Malaysian officials probing state investment company 1MDB are meeting with investigators from Singapore, people familiar with the matter said, signaling that Prime Minister Mahathir Mohamad’s administration will cooperate with probes underway around the globe.
The two sides were gathering around Kuala Lumpur on Thursday, according to the people, who asked not to be identified because the meetings were private. Singapore has seized hundreds of millions of dollars in assets and jailed bankers over transactions linked to the scandal-plagued fund.
A member of Malaysia’s 1MDB task force formed to coordinate the probe couldn’t immediately comment when reached by phone. A spokesman for Malaysia’s anti-graft commission declined to comment when asked to confirm the meeting. The Singapore police couldn’t immediately confirm the meeting.
Mahathir, who took power earlier this month, is trying to uncover the extent of alleged embezzlement and money laundering at 1Malaysia Development Bhd, which was set up by former premier Najib Razak in 2009 to attract foreign investment. Investigators in the US and Europe had complained of a lack of assistance from Malaysian authorities under the previous administration.
A cooperative Malaysia could help investigators around the world piece together how billions may have been embezzled and laundered through major financial centers in the US, Europe and Asia to finance what the US said were spending sprees by corrupt officials and their associates. Najib’s government and 1MDB had repeatedly insisted all its funds were accounted for.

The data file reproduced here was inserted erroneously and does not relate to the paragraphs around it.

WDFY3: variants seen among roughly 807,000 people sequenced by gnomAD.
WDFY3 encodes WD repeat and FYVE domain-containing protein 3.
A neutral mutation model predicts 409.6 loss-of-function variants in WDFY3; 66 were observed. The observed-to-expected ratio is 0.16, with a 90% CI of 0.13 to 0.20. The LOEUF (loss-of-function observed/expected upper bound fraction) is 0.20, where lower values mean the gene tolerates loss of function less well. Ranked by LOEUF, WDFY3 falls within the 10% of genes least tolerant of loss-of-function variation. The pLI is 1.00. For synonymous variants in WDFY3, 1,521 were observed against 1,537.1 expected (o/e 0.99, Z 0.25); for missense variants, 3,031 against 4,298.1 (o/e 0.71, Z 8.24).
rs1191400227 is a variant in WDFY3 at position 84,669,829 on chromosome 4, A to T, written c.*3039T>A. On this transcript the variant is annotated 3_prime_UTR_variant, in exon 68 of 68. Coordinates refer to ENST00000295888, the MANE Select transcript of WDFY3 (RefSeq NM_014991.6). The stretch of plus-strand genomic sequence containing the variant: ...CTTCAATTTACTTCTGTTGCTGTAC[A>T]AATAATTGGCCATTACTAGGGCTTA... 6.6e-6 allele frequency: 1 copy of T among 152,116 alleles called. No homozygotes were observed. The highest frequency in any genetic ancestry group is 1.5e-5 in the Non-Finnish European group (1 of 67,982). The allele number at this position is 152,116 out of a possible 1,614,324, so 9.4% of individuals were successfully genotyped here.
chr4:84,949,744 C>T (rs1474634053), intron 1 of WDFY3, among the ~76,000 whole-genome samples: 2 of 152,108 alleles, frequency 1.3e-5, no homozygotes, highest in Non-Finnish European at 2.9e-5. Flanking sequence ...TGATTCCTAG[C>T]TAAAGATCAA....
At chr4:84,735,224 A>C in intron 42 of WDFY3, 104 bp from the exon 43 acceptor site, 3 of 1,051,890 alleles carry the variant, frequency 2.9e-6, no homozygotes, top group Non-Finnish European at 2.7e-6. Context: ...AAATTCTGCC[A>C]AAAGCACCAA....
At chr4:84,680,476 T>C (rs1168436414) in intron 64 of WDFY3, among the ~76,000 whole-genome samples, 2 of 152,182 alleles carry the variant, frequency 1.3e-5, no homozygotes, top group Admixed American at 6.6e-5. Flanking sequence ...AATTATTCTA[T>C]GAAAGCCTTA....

Members of Malaysia’s 1MDB task force met with officials from the US Federal Bureau of Investigation and the Department of Justice last week to discuss the focus and direction of probes. Swiss prosecutors have said they wanted to start talks with Malaysian counterparts as soon as possible to better coordinate various criminal probes into the sprawling case.
In recent years, Singapore ordered two Swiss private banks to shut, fined other large banks, seized assets and banned at least eight people from the finance industry for their actions on 1MDB-related transactions. Singapore authorities said this month they’ve cooperated extensively with their Malaysian counterparts on past requests for information related to 1MDB-related transactions.
Prosecutors in Singapore have described 1MDB as the country’s largest and most complex money-laundering case. They said its banking and financial systems were used as conduits for billions of dollars of funds siphoned from 1MDB, aided by officers from the fund and bankers in the city state who ignored suspicious and high-risk transactions for their own purposes.